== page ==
Cellular metabolism reprogramming is an emerging hallmark of cancer, which provides tumor cells with not only necessary energy but also crucial materials to support growth. Exploiting the unique features of cancer metabolism is promising in cancer therapies. The growing interest in this field has led to numerous inhibitors being developed against key molecules in metabolic pathways, though most of them are still in preclinical development. Potential targeted cancer cell metabolic pathways under investigation include glycolysis, tricarboxylic acid (TCA) cycle, oxidative phosphorylation (OXPHOS), glutaminolysis, pentose phosphate pathway (PPP), lipid synthesis, amino acid and nucleotide metabolism. Sarcoma is a type of cancer that arises from transformed cells of mesenchymal origin, in contrast to carcinoma which originates from epithelial cells. Compared with carcinoma, progress towards harnessing the therapeutic potential of targeting sarcoma cell metabolism has been relatively slow. Recently however, with the discovery of cancer-specific mutations in metabolic enzymes such as isocitrate dehydrogenase (IDH) and succinate dehydrogenase (SDH) in certain sarcoma types, cancer cellular metabolism has been considered more as a source of new targets for treating sarcoma. In this article, we review metabolic enzymes currently tested for cancer therapies and describe the therapeutic potential of targeting IDH mutations and SDH deficiency in sarcomas.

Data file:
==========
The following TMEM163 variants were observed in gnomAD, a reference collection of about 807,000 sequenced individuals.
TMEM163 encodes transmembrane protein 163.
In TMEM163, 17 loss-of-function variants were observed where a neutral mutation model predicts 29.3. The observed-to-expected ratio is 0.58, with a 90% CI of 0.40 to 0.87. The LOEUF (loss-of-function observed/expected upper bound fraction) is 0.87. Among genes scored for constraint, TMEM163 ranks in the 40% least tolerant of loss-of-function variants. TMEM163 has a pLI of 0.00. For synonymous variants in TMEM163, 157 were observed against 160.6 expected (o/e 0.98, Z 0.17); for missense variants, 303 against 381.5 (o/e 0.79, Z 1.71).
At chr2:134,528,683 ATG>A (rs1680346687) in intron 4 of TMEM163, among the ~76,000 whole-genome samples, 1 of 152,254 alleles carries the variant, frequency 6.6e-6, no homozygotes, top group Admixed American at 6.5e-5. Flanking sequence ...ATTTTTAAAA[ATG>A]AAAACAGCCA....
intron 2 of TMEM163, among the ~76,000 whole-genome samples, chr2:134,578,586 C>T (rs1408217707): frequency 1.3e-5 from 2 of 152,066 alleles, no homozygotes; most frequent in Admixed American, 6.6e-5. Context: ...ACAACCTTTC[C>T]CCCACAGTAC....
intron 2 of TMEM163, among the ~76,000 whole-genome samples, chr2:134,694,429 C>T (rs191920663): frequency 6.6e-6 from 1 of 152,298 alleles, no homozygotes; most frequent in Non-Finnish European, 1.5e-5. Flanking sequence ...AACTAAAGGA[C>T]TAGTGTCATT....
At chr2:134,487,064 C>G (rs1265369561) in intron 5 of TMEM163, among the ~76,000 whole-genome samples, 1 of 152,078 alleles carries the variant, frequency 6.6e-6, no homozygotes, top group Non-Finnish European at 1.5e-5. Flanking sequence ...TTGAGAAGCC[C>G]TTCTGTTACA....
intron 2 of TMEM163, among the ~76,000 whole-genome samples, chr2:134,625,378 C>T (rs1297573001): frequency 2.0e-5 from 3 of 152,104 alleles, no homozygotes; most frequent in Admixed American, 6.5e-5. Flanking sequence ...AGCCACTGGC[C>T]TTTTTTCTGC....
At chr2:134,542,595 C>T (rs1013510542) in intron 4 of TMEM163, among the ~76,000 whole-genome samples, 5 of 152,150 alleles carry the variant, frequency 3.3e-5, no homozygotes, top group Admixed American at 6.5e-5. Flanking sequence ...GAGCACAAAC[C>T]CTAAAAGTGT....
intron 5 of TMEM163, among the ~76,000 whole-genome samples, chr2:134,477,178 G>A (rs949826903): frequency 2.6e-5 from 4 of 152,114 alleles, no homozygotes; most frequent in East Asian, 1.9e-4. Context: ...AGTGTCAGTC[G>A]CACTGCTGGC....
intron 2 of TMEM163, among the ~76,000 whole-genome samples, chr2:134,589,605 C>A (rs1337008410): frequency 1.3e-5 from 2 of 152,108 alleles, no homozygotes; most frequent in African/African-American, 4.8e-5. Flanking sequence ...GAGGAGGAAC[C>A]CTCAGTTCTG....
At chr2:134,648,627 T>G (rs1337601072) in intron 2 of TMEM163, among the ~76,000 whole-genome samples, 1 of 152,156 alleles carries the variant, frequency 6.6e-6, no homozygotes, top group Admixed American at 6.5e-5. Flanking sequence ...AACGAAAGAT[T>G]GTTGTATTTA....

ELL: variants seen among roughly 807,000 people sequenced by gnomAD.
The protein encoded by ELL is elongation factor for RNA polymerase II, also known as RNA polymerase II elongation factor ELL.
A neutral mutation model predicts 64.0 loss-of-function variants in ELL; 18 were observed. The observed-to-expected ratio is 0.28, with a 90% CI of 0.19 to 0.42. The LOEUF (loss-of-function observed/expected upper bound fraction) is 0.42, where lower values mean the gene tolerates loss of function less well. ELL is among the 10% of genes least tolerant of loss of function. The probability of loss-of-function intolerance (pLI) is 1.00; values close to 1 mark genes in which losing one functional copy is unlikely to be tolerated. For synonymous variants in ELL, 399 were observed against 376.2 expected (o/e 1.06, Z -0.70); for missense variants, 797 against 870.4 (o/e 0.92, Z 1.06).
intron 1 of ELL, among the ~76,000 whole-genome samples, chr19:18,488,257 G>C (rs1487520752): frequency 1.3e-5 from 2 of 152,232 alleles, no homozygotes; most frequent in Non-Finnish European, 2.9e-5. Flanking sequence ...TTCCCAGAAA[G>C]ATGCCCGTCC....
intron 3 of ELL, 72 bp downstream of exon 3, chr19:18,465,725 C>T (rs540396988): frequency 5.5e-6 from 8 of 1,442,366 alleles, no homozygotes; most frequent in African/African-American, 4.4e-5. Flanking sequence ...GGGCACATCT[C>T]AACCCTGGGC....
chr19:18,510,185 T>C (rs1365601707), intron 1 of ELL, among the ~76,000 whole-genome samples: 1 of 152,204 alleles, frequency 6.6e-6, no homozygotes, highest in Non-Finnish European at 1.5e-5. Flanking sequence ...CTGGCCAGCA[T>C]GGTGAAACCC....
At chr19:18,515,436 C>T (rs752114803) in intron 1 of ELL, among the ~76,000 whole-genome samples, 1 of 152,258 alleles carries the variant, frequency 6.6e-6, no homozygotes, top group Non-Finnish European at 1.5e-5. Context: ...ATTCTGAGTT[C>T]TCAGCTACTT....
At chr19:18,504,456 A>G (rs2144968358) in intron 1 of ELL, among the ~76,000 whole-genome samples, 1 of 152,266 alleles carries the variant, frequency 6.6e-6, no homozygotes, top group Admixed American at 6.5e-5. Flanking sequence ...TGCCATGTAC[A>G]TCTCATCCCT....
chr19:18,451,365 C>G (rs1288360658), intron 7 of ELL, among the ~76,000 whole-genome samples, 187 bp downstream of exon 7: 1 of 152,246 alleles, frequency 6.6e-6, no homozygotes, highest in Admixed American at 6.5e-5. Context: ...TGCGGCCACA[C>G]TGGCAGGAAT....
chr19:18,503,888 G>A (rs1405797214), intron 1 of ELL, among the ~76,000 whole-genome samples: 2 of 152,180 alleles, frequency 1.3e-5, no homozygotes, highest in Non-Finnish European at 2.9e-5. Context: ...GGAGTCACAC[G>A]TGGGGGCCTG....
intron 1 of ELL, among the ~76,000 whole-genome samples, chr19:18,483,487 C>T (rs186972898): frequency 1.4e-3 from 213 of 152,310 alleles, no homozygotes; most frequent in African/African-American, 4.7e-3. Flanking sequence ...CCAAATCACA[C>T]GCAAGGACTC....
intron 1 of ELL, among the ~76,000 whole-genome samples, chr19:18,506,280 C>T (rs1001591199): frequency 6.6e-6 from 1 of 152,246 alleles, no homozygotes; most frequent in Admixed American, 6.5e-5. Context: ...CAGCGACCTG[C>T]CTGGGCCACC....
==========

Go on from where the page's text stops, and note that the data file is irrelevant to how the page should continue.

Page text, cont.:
ASJC Scopus subject areas
- Pharmacology (medical)